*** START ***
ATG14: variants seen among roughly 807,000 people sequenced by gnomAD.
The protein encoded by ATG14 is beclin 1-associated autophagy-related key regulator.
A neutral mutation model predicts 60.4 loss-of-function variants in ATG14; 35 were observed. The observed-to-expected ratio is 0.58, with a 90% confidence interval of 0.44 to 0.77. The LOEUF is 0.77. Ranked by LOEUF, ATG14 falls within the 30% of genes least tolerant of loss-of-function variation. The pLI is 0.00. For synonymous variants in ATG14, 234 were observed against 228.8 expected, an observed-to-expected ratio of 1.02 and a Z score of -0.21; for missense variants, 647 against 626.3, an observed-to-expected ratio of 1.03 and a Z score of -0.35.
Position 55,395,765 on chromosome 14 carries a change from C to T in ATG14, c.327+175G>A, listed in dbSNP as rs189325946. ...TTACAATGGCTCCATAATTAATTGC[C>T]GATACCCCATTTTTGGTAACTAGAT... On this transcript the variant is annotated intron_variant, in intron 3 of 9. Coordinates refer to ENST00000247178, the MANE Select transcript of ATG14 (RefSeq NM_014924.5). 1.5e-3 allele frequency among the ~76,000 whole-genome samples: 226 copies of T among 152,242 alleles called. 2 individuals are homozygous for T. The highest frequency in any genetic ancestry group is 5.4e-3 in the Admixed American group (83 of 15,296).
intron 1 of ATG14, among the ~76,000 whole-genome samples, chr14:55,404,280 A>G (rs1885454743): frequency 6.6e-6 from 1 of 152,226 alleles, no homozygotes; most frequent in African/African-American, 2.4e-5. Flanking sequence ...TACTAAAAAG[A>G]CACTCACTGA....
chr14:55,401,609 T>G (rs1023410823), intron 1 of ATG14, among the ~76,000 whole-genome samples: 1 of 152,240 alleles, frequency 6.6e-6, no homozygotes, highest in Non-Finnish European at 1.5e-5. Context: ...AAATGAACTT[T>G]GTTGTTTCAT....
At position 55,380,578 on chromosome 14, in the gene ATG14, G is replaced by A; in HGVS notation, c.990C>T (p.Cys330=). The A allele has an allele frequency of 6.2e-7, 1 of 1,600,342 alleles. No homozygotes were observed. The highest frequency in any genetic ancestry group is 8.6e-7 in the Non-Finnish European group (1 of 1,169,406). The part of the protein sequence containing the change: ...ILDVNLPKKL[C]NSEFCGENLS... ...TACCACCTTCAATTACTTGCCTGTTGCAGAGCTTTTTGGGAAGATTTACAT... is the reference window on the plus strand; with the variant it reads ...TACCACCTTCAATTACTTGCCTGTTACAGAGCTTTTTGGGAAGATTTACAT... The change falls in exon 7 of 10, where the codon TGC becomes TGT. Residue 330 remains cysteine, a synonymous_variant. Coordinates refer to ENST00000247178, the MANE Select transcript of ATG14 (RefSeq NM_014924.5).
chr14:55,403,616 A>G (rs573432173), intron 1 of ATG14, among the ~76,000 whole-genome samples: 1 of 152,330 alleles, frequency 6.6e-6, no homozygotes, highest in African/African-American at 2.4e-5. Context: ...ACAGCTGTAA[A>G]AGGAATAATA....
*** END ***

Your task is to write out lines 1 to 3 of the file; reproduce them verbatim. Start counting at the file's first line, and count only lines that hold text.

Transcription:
ATG14: variants seen among roughly 807,000 people sequenced by gnomAD.
The protein encoded by ATG14 is beclin 1-associated autophagy-related key regulator.
A neutral mutation model predicts 60.4 loss-of-function variants in ATG14; 35 were observed. The observed-to-expected ratio is 0.58, with a 90% confidence interval of 0.44 to 0.77. The LOEUF is 0.77. Ranked by LOEUF, ATG14 falls within the 30% of genes least tolerant of loss-of-function variation. The pLI is 0.00. For synonymous variants in ATG14, 234 were observed against 228.8 expected, an observed-to-expected ratio of 1.02 and a Z score of -0.21; for missense variants, 647 against 626.3, an observed-to-expected ratio of 1.03 and a Z score of -0.35.